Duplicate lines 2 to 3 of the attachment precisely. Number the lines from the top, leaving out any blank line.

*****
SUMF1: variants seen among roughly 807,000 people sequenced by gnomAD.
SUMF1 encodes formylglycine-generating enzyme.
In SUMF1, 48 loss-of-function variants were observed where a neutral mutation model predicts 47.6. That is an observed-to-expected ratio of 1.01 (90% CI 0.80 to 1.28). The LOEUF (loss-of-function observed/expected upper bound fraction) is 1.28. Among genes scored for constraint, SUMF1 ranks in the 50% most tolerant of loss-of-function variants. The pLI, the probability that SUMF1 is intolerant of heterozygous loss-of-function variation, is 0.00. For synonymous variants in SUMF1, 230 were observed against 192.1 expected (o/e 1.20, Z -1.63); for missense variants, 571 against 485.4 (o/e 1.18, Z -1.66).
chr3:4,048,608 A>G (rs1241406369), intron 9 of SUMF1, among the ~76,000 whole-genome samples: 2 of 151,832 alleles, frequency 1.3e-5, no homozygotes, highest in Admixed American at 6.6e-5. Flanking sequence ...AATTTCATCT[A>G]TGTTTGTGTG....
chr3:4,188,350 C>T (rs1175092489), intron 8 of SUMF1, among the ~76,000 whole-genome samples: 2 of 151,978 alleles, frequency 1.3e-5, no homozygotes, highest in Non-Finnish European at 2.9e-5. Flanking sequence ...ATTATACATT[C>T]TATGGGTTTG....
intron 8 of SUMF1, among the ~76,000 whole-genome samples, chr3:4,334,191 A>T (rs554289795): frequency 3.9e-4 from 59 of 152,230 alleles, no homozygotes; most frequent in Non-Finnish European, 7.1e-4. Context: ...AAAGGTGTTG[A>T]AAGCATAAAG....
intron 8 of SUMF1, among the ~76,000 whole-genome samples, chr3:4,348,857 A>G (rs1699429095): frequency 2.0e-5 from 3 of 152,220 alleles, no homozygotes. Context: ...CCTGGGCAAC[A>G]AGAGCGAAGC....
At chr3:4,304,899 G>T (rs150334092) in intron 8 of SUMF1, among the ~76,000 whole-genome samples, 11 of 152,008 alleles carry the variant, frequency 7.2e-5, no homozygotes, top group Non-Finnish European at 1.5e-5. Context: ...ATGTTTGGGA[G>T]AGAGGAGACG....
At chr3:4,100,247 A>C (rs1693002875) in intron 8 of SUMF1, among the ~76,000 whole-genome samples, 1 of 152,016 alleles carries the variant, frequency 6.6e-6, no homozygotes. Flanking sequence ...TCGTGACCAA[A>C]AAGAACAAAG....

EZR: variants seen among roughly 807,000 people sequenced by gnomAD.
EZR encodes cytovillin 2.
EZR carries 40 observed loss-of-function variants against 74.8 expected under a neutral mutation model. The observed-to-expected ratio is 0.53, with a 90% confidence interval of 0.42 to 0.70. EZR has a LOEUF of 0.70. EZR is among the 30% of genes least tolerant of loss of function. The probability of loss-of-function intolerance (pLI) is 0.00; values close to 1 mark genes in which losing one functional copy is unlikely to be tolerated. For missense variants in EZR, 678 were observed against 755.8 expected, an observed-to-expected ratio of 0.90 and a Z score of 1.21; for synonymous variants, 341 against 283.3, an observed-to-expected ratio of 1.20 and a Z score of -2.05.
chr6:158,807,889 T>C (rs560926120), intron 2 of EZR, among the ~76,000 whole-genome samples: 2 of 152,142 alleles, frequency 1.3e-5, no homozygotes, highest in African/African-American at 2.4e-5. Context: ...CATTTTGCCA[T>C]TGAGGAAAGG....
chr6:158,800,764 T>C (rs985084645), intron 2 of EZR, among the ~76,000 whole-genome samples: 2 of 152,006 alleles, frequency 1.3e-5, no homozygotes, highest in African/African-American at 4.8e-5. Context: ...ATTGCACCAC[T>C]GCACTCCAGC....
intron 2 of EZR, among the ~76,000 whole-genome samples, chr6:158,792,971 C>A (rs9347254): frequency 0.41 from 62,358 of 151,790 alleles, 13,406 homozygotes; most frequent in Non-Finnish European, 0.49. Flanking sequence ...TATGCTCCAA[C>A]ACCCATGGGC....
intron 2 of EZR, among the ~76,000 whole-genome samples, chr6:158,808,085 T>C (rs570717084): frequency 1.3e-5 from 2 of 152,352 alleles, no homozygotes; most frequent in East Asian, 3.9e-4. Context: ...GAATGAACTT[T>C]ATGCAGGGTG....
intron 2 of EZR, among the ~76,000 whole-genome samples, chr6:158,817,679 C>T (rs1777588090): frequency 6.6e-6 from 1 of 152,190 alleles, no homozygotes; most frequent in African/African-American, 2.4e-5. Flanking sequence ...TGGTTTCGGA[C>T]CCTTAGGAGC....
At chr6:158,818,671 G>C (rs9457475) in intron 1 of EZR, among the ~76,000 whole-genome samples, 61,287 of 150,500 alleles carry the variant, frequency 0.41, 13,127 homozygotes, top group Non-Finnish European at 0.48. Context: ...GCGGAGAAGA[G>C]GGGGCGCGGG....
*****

SUMF1 encodes formylglycine-generating enzyme.
In SUMF1, 48 loss-of-function variants were observed where a neutral mutation model predicts 47.6. That is an observed-to-expected ratio of 1.01 (90% CI 0.80 to 1.28). The LOEUF (loss-of-function observed/expected upper bound fraction) is 1.28. Among genes scored for constraint, SUMF1 ranks in the 50% most tolerant of loss-of-function variants. The pLI, the probability that SUMF1 is intolerant of heterozygous loss-of-function variation, is 0.00. For synonymous variants in SUMF1, 230 were observed against 192.1 expected (o/e 1.20, Z -1.63); for missense variants, 571 against 485.4 (o/e 1.18, Z -1.66).